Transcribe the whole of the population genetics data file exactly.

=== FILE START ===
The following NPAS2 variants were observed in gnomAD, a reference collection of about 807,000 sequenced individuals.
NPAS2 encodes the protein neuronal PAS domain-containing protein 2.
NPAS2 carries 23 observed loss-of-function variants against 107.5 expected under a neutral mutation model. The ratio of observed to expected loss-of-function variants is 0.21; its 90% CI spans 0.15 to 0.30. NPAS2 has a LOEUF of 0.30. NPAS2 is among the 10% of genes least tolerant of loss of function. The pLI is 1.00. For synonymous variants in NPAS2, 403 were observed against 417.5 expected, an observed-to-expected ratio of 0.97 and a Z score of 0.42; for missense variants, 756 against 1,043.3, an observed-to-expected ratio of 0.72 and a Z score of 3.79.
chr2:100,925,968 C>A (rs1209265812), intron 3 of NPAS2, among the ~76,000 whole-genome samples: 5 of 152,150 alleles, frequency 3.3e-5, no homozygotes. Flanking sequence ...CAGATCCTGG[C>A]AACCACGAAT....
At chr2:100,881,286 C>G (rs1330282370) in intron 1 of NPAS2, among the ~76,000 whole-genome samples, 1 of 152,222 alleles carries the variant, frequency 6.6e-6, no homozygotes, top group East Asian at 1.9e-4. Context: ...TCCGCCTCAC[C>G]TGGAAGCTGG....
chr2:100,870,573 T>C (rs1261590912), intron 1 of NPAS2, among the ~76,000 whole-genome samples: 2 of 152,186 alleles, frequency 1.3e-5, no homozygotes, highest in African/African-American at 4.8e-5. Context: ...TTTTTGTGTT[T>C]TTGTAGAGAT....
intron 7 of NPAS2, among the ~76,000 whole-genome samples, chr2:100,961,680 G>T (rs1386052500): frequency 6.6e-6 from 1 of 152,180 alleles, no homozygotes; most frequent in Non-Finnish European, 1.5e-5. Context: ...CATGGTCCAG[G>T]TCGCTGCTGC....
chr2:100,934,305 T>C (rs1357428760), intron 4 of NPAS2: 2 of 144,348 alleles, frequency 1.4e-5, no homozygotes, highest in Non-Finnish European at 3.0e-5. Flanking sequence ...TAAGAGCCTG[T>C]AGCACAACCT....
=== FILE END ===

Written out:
The following NPAS2 variants were observed in gnomAD, a reference collection of about 807,000 sequenced individuals.
NPAS2 encodes the protein neuronal PAS domain-containing protein 2.
NPAS2 carries 23 observed loss-of-function variants against 107.5 expected under a neutral mutation model. The ratio of observed to expected loss-of-function variants is 0.21; its 90% CI spans 0.15 to 0.30. NPAS2 has a LOEUF of 0.30. NPAS2 is among the 10% of genes least tolerant of loss of function. The pLI is 1.00. For synonymous variants in NPAS2, 403 were observed against 417.5 expected, an observed-to-expected ratio of 0.97 and a Z score of 0.42; for missense variants, 756 against 1,043.3, an observed-to-expected ratio of 0.72 and a Z score of 3.79.
chr2:100,925,968 C>A (rs1209265812), intron 3 of NPAS2, among the ~76,000 whole-genome samples: 5 of 152,150 alleles, frequency 3.3e-5, no homozygotes. Flanking sequence ...CAGATCCTGG[C>A]AACCACGAAT....
At chr2:100,881,286 C>G (rs1330282370) in intron 1 of NPAS2, among the ~76,000 whole-genome samples, 1 of 152,222 alleles carries the variant, frequency 6.6e-6, no homozygotes, top group East Asian at 1.9e-4. Context: ...TCCGCCTCAC[C>G]TGGAAGCTGG....
chr2:100,870,573 T>C (rs1261590912), intron 1 of NPAS2, among the ~76,000 whole-genome samples: 2 of 152,186 alleles, frequency 1.3e-5, no homozygotes, highest in African/African-American at 4.8e-5. Context: ...TTTTTGTGTT[T>C]TTGTAGAGAT....
intron 7 of NPAS2, among the ~76,000 whole-genome samples, chr2:100,961,680 G>T (rs1386052500): frequency 6.6e-6 from 1 of 152,180 alleles, no homozygotes; most frequent in Non-Finnish European, 1.5e-5. Context: ...CATGGTCCAG[G>T]TCGCTGCTGC....
chr2:100,934,305 T>C (rs1357428760), intron 4 of NPAS2: 2 of 144,348 alleles, frequency 1.4e-5, no homozygotes, highest in Non-Finnish European at 3.0e-5. Flanking sequence ...TAAGAGCCTG[T>C]AGCACAACCT....